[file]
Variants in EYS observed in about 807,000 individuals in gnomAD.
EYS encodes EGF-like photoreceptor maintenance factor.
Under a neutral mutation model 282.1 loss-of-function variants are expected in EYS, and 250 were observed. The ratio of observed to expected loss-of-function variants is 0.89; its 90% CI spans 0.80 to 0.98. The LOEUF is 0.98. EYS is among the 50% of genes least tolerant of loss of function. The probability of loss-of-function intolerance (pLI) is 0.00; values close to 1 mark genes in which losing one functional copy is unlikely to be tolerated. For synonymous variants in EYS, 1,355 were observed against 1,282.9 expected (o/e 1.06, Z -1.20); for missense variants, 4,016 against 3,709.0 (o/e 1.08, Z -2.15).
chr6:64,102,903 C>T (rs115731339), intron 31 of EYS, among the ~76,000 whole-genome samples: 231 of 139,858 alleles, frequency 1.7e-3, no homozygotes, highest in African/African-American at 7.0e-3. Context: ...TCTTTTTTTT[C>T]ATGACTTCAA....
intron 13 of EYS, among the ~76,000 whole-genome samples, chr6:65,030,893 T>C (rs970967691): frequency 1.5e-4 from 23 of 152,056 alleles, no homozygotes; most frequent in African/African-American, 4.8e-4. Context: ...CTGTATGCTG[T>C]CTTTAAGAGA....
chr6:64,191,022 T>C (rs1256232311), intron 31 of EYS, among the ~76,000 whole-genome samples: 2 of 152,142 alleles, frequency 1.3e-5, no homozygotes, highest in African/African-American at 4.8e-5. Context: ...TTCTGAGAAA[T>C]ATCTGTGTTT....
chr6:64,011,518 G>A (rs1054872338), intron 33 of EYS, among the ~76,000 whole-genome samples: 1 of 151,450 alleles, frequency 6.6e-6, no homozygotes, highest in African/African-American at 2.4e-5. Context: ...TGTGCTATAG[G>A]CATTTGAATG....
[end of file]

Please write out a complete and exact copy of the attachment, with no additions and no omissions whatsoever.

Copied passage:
Variants in EYS observed in about 807,000 individuals in gnomAD.
EYS encodes EGF-like photoreceptor maintenance factor.
Under a neutral mutation model 282.1 loss-of-function variants are expected in EYS, and 250 were observed. The ratio of observed to expected loss-of-function variants is 0.89; its 90% CI spans 0.80 to 0.98. The LOEUF is 0.98. EYS is among the 50% of genes least tolerant of loss of function. The probability of loss-of-function intolerance (pLI) is 0.00; values close to 1 mark genes in which losing one functional copy is unlikely to be tolerated. For synonymous variants in EYS, 1,355 were observed against 1,282.9 expected (o/e 1.06, Z -1.20); for missense variants, 4,016 against 3,709.0 (o/e 1.08, Z -2.15).
chr6:64,102,903 C>T (rs115731339), intron 31 of EYS, among the ~76,000 whole-genome samples: 231 of 139,858 alleles, frequency 1.7e-3, no homozygotes, highest in African/African-American at 7.0e-3. Context: ...TCTTTTTTTT[C>T]ATGACTTCAA....
intron 13 of EYS, among the ~76,000 whole-genome samples, chr6:65,030,893 T>C (rs970967691): frequency 1.5e-4 from 23 of 152,056 alleles, no homozygotes; most frequent in African/African-American, 4.8e-4. Context: ...CTGTATGCTG[T>C]CTTTAAGAGA....
chr6:64,191,022 T>C (rs1256232311), intron 31 of EYS, among the ~76,000 whole-genome samples: 2 of 152,142 alleles, frequency 1.3e-5, no homozygotes, highest in African/African-American at 4.8e-5. Context: ...TTCTGAGAAA[T>C]ATCTGTGTTT....
chr6:64,011,518 G>A (rs1054872338), intron 33 of EYS, among the ~76,000 whole-genome samples: 1 of 151,450 alleles, frequency 6.6e-6, no homozygotes, highest in African/African-American at 2.4e-5. Context: ...TGTGCTATAG[G>A]CATTTGAATG....